Member of the VOICE Advisory Board since 2017
What is one thing you really like about being a member of a patient advisory committee?
I am a US Marine Corps Veteran and health and wellness professional who suffered from chronic pain for two decades. After navigating the VA space and exploring hundreds of solutions, I founded a nonprofit, Warrior Wellness Solutions, that delivers rehabilitative exercise and functional medicine health coaching to wounded, ill, and inured veterans, service members and their families. It is exciting to have a space to share and influence future research with solutions that I have used as a practitioner to help transform my own life and the lives of others that fight similar struggles.
What is one interesting experience you had at a patient advisory committee meeting or a time when you thought the patient input really helped the research team?
In many cases research is being done in an isolated manner that isn’t examining multi-faceted variables in a patient’s lifestyle. I have been able to stress the importance of improving functional movement patterns and share facets of the Functional Medicine model encompassing individualized patient care based on a patient’s story.
How has being part of a patient advisory committee affected your attitude about research generally or the UW-Madison?
Prior to being on being on the Veteran Engagement Panel, I viewed research as something that took a long time, was a waste of money, and kept patients from getting services in a timely manner. I felt researchers were out of touch with the ground level needs of patients and didn’t have the proper liaison to access the communities they were serving. Since serving on the Durham, NC VA Veteran Engagement Panel and the Minneapolis VA VOICE Study for Chronic Pain I have renewed faith in the process as panel members give a voice to the needs of the community and guide research in directions that will have sustainable impact and value. Additionally, I have learned how modern research protocols are important from an ethics perspective given historical inequities.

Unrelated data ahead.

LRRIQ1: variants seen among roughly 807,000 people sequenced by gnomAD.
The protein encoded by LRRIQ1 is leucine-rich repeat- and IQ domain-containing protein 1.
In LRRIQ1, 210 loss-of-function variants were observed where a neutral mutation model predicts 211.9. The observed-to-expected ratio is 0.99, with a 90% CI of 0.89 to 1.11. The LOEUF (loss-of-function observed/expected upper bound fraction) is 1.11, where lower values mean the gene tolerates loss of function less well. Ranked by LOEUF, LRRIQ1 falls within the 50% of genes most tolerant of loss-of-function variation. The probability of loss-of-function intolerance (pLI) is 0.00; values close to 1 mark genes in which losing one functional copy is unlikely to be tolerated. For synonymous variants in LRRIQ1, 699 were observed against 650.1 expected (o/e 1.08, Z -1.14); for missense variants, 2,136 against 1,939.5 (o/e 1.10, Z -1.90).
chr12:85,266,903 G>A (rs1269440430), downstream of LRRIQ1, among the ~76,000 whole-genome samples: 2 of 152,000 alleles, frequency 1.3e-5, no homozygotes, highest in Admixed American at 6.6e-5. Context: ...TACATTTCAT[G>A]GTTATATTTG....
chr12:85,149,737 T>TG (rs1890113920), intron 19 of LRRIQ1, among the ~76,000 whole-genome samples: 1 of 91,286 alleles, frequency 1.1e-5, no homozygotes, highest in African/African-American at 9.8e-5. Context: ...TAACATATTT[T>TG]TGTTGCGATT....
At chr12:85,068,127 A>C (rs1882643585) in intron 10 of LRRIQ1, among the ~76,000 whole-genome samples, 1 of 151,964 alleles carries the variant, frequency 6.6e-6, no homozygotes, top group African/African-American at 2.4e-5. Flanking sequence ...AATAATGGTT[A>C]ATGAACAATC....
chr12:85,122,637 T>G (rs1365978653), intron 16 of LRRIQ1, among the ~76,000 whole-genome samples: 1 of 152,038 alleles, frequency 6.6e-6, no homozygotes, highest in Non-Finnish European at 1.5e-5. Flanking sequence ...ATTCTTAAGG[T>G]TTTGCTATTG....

Please tell me something interesting about yourself that people might be surprised to learn about you.
My family and I live in rural North Carolina on 13 acres where we own 12 chickens, 2 dogs, and a pig named Blueberry Pancake.
Each month, WINRS interviews a community or patient advisor about their experiences on an advisory board or committee. Know someone on one of your advisory boards who might want to be interviewed? Email firstname.lastname@example.org